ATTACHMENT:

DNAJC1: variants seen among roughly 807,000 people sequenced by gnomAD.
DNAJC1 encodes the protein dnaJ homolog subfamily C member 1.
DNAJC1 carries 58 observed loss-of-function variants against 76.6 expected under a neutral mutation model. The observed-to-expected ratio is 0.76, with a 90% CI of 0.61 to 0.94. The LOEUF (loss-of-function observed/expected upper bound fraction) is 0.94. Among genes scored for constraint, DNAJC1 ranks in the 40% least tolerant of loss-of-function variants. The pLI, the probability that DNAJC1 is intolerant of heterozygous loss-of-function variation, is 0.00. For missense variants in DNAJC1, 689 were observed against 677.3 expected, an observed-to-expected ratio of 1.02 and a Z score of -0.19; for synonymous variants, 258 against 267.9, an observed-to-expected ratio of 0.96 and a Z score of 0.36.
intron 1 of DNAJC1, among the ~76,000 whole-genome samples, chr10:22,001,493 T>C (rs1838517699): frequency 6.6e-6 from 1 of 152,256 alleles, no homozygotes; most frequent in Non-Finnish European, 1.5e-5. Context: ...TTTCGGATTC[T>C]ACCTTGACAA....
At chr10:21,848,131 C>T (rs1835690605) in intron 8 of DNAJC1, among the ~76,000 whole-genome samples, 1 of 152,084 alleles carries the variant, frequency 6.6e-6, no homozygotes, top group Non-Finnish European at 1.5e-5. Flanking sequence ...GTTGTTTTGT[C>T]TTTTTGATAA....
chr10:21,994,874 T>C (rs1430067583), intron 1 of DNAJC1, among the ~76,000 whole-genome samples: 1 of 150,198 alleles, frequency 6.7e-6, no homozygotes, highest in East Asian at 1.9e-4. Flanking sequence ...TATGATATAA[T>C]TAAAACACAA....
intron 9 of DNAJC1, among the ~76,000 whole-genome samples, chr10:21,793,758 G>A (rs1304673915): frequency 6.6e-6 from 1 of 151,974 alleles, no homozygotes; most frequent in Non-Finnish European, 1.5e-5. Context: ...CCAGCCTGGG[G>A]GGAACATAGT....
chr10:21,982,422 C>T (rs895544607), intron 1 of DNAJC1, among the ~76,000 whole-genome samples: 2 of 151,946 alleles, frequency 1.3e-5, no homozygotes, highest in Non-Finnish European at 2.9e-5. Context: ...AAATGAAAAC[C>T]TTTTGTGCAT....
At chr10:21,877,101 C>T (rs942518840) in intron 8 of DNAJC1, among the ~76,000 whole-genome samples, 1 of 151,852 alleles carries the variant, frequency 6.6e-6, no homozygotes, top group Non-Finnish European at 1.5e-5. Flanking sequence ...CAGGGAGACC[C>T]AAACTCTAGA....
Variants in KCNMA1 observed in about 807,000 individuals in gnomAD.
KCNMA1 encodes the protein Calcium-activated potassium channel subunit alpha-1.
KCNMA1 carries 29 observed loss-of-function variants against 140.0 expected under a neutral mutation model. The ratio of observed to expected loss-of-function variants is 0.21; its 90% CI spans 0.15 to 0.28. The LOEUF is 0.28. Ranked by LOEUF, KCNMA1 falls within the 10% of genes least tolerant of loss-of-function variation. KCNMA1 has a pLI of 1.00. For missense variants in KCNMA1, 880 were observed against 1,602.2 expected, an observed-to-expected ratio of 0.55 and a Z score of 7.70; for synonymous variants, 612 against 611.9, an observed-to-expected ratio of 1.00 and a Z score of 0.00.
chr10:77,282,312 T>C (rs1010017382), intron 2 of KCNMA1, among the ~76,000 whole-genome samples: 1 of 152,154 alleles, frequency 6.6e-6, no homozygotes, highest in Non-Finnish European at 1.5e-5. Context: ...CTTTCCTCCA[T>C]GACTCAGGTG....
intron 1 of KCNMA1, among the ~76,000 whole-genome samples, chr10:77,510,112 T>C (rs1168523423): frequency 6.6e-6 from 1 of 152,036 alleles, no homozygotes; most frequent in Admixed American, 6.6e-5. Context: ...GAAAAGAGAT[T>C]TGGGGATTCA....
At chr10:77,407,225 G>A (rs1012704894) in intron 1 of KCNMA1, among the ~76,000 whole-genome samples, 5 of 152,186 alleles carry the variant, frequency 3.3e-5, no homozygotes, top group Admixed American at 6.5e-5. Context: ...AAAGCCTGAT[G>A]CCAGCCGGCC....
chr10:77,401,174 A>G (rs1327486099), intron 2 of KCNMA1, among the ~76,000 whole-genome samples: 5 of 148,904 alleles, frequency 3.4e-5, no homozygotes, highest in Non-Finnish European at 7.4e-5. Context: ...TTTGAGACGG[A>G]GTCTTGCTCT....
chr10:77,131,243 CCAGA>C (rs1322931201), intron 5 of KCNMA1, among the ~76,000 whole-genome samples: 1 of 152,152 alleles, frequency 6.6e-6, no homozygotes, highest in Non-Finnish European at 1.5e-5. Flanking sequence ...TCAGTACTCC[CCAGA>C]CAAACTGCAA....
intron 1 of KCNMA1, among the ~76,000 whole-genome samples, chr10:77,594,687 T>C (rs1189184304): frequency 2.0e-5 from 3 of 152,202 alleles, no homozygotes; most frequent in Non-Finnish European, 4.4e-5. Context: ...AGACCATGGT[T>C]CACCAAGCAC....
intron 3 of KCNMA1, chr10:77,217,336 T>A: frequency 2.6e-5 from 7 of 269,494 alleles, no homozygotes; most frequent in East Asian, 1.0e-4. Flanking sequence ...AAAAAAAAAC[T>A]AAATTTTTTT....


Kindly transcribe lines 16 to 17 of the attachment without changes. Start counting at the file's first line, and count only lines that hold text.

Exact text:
chr10:77,401,174 A>G (rs1327486099), intron 2 of KCNMA1, among the ~76,000 whole-genome samples: 5 of 148,904 alleles, frequency 3.4e-5, no homozygotes, highest in Non-Finnish European at 7.4e-5. Context: ...TTTGAGACGG[A>G]GTCTTGCTCT....
chr10:77,131,243 CCAGA>C (rs1322931201), intron 5 of KCNMA1, among the ~76,000 whole-genome samples: 1 of 152,152 alleles, frequency 6.6e-6, no homozygotes, highest in Non-Finnish European at 1.5e-5. Flanking sequence ...TCAGTACTCC[CCAGA>C]CAAACTGCAA....